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Consider this quote from Abe Lincoln

"America will never be destroyed from the outside. If we falter and lose our freedoms, it will be because we destroyed ourselves."



They say that it is an organization that has long outlived its usefulness and will die sooner than later as it follows the eventual collapse of the family farm system across this country. They have said so for years, the pundits and observers, the school boards and town’s people who are now generations removed from the farm. They tout that money spent on Agriculture Education is money wasted and that FFA programs that they continue to refer to as that “Future Farmers group”, are just another school activity that drains tax dollars without benefit to the community.

My friends, they aren’t just wrong, they are dead wrong. In today’s educational environment where the push is to find ways to spend money and improve students in STEM (Science, Technology, Engineering and Math) area not only does Agricultural Education excel in these areas, it has been doing so since the founding of FFA in 1928. Spend time with a modern agriculture worker and see where each of these areas has become increasingly important in their day to day operations?

They said FFA would die with the family farm, especially when it was time to rebrand the Future Farmers of America, to simply FFA. But not only has it not died, it has grown in leaps and bounds. For those who think the FFA is simply cows and plows it might be interesting to learn that the largest FFA chapter in the United States is in suburban Chicago where the waiting list to get into the ag program is longer than most Ivy League school admissions lists. FFA continues to grow in leaps and bounds and is recognized by students within and outside of the organization as the premier leadership growth opportunity within any high school.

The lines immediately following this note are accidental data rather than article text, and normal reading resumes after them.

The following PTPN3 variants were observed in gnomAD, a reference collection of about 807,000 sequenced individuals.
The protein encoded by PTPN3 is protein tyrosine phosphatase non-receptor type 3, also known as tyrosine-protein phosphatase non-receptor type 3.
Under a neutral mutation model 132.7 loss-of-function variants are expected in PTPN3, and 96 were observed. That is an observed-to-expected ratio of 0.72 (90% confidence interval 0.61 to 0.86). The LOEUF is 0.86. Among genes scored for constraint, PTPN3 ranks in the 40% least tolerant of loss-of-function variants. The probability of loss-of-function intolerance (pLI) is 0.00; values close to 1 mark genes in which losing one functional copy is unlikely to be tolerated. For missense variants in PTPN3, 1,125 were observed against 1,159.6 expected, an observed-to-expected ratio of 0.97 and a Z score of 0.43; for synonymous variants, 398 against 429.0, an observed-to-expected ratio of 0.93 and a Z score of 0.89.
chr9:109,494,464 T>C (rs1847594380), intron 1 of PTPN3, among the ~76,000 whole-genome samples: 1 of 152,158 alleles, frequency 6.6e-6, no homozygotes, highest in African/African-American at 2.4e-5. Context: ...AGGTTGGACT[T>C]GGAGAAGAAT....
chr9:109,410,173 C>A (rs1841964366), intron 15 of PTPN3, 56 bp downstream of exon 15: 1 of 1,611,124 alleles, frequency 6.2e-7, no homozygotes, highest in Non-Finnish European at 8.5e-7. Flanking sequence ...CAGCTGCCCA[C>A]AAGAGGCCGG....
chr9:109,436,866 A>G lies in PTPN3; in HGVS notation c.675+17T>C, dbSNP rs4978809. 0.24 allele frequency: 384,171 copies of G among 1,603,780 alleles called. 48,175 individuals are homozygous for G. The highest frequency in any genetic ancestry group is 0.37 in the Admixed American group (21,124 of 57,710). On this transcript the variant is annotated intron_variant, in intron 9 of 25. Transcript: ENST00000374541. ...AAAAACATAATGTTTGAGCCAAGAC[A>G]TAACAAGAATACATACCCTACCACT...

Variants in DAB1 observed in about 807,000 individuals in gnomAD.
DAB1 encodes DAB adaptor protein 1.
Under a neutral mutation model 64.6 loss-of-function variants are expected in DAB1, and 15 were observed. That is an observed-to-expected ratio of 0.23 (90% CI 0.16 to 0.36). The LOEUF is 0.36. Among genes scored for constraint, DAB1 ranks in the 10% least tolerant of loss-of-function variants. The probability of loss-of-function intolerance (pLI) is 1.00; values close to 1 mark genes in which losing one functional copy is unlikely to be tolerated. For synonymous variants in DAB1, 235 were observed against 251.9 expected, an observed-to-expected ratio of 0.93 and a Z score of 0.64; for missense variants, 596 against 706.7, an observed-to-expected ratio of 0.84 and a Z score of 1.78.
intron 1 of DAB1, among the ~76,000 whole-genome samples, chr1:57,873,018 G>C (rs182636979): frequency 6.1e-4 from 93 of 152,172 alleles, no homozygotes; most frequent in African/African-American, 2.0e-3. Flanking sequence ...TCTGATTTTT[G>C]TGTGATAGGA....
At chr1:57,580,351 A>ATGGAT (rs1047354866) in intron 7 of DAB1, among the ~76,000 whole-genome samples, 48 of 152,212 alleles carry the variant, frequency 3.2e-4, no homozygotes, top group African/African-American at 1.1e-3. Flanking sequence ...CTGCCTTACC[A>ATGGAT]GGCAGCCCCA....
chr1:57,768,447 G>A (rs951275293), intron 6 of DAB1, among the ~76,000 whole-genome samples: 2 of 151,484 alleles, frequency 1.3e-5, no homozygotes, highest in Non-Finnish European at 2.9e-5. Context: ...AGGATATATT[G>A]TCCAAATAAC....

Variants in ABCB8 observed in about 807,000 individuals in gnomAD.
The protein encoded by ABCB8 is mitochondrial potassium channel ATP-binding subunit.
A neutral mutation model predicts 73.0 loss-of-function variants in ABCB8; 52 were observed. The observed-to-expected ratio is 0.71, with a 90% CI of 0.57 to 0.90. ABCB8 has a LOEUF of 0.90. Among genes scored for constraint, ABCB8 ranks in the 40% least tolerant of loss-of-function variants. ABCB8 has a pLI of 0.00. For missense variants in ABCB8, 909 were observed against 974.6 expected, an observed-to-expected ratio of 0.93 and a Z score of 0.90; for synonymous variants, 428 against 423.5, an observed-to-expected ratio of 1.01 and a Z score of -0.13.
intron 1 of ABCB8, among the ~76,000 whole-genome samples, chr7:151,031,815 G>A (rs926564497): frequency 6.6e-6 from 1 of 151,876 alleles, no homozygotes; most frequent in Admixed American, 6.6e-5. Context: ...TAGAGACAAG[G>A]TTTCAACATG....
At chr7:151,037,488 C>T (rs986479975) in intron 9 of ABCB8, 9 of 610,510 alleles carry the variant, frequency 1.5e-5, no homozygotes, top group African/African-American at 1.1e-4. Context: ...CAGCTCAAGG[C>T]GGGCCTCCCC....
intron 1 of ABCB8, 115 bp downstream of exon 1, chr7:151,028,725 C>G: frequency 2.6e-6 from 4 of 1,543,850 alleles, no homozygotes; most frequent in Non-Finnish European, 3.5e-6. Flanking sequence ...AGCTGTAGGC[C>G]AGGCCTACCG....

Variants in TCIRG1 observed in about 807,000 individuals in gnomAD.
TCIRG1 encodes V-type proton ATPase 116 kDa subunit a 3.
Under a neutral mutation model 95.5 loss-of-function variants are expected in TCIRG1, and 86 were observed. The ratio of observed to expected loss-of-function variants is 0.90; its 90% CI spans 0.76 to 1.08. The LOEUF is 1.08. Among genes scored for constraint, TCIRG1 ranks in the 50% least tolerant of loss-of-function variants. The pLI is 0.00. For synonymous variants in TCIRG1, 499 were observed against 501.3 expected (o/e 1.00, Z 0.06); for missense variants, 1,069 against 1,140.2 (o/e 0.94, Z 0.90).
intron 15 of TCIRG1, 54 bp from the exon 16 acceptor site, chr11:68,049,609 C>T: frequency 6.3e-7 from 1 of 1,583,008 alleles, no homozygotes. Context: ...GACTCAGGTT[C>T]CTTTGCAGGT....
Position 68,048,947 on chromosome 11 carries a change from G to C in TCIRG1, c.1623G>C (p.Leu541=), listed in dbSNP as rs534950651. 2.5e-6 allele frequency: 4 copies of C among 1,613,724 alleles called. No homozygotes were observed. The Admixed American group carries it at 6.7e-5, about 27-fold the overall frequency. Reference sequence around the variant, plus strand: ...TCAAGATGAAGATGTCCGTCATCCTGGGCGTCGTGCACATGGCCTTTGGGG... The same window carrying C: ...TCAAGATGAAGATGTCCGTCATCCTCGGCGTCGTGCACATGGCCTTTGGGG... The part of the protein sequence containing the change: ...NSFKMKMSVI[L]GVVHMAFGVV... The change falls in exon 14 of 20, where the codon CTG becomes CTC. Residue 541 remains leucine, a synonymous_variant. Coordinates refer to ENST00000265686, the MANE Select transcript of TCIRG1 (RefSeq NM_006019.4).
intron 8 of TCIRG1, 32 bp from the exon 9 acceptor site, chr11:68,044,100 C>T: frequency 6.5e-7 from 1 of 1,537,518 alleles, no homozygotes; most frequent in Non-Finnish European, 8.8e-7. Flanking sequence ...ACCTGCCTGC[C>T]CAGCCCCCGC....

In small town Iowa the kid who throws bales of hay all summer tends also to be the star of the football team, and probably plays basketball and participates not only in track, but probably speech, drama and in the FFA. Let’s be real frank here folks. The caliber of players in our small time high schools is good, however, less than 1% of students involved in athletics at the high school level will ever be talented enough to play at the Division I level and beyond. However, FFA members, not only excel in the classroom, they generally succeed in college and industry once they enter the work force. It’s also helpful to mention the over $14 million dollars in scholarships available to FFA members for higher education.

Although all of these things are important and when we as the public see a young man or young lady wearing those blue jackets, we know they are part of the largest student lead organization in the world, it is the intangible that makes FFA so important to young people. At my age, being involved in the FFA Alumni has given me the opportunity to work with a new generation of young people, most of whom were born long after I wore a blue jacket for the last time. I see in them, the same drive and wide awake enthusiasm for the future. Over the last thirty years I’ve turned back to those connections made in FFA time and time again, and even today the friendships I made twenty-five years ago are still the most important and closely held friendships I’ve ever had.

So as FFA members across the land celebrate National FFA Week, celebrate with them, give them a hand, and encourage them on their journey, for they are the future of agriculture in this country and will continue to feed the world for generations to come. And as for you and I, old FFA members who have long outgrown our jackets, I encourage you to get involved with your local Alumni (although you don’t have to have been a member to be a part of the Alumni) and I leave you with this thought. “You may outgrow the blue jacket, but you will never outgrow the experience.

See you next week…remember, we’re all in this together.